Visual Imagery, Information Dumping, Environment Matching, Practice Test Questions, and Test Taking Retrieval Strategies
Imagery is the ability to produce mental pictures of things that have previously been seen or can be imagined visually. Visual associations are used to facilitate retrieval when old, familiar images are associated with images of information to be remembered.
Students often use this method unconsciously as a means of remembering information. They can become more efficient by recognizing the process and working to make images more vivid.
Material from a wide variety of subjects may be symbolized and remembered using visual associations. Abstract concepts and events as well as things may be entered into and retrieved from memory using the strategy.
Visual association is similar to visual elaboration, except that visual association relies on linking to images that already exist in memory while visual elaboration does not. In addition, visual association is usually done by the student him/herself and is not usually written down. Visual elaboration is covered in the Memory page of the General-Purpose Learning Strategies main stack.
The following are guidelines for visual imagery.
The following are examples of the visual imagery strategy.
A specific test-taking strategy that aids in retrieval is dumping. Information dumping refers to quickly writing down all information that one feels he/she may forget or confuse otherwise. It is done before looking at the test questions.
If you fear you will forget or confuse names, dates, formulas, or statistics, dump that information on the back of the test as soon as it is distributed. You should also dump visual aids, organizational aids, and other "tricks" that were used to encode the information (see the Visual Aids section of this page). Then refer to the dumped information for answering questions.
Environment matching refers to matching the internal and external environments of task preparation with the internal and external environments of the task situation. It is often used for exam preparation but is appropriate for other tasks, such as public speaking.
The internal environment reflects what the student thinks about the material and him/herself, while the external environment refers to the setting in which the student undertakes an activity. Retrieval is enhanced when task-preparation and task-completion environments match to some degree.
Practice Test Questions
The most proven, yet least used, way to study for exams is practice tests. Sample questions allow one to assess one's retrieval success before the exam; areas of weakness are identified and addressed prior to taking the actual test. Students may make up their own questions, or they may answer questions on old tests or in the textbook or student workbook accompanying the text.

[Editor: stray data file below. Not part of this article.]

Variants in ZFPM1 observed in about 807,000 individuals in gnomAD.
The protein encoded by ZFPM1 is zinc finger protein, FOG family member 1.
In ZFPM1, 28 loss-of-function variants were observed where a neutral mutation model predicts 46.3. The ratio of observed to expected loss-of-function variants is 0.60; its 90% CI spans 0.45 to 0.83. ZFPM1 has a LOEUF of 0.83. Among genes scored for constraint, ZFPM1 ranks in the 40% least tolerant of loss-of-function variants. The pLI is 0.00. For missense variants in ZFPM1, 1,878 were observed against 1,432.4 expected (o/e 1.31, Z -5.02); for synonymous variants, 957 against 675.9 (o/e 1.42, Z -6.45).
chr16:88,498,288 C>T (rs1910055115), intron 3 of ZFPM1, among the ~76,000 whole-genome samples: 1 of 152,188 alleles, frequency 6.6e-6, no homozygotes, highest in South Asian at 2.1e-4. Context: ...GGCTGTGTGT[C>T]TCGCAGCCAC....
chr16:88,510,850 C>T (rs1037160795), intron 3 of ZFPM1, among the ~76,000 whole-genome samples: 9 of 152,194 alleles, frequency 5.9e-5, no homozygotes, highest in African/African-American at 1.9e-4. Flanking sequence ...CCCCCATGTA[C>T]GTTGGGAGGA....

Practice tests have many benefits. This strategy may be used to prepare for nearly any type of test. They help one to anticipate what the test may look like, reducing anxiety and stress. Practice tests are a valuable way to assess one's understanding of the information, distinguishing what is known and what needs to be learned. Writing one's own questions requires that one thoroughly understand and evaluate the information. When used effectively, practice tests improve one's mental preparation for an exam, bolstering confidence and positive attitudes. Finally, writing and/or answering practice questions forces one to repeatedly review the material, which enhances memory registration and recall.
Some students may complain that making up and/or answering practice questions is too time consuming. However, the advantages of the strategy greatly outnumber the disadvantages. If time is a concern, students may form study groups for sharing the responsibility. Each member writes some questions, and the group meets to exchange and answer the questions.
The following are guidelines for the practice test questions strategy.
Examples of practice questions are given in most of the pages in the Content-Specific Learning Strategies main stack.
Test-Taking Retrieval Strategies
A common academic task that requires efficient retrieval skills is test taking. Test-taking retrieval strategies vary according to the type of material to be covered, the types of test questions, and a student's preferred learning channel.
The Test Taking page in the General-Purpose Learning Strategies main stack extensively describes and illustrates test-taking strategies in general as well as strategies for specific types of tests. While most test-taking strategies are used during an exam, some are used before or after the test. Examples of strategies covered in the Test Taking page that relate to retrieval are studying in the test room (or environment matching, also covered earlier in this page), information dumping (also covered earlier in this page), starting with the questions one knows best, looking for clues in other parts of the test, and writing outlines.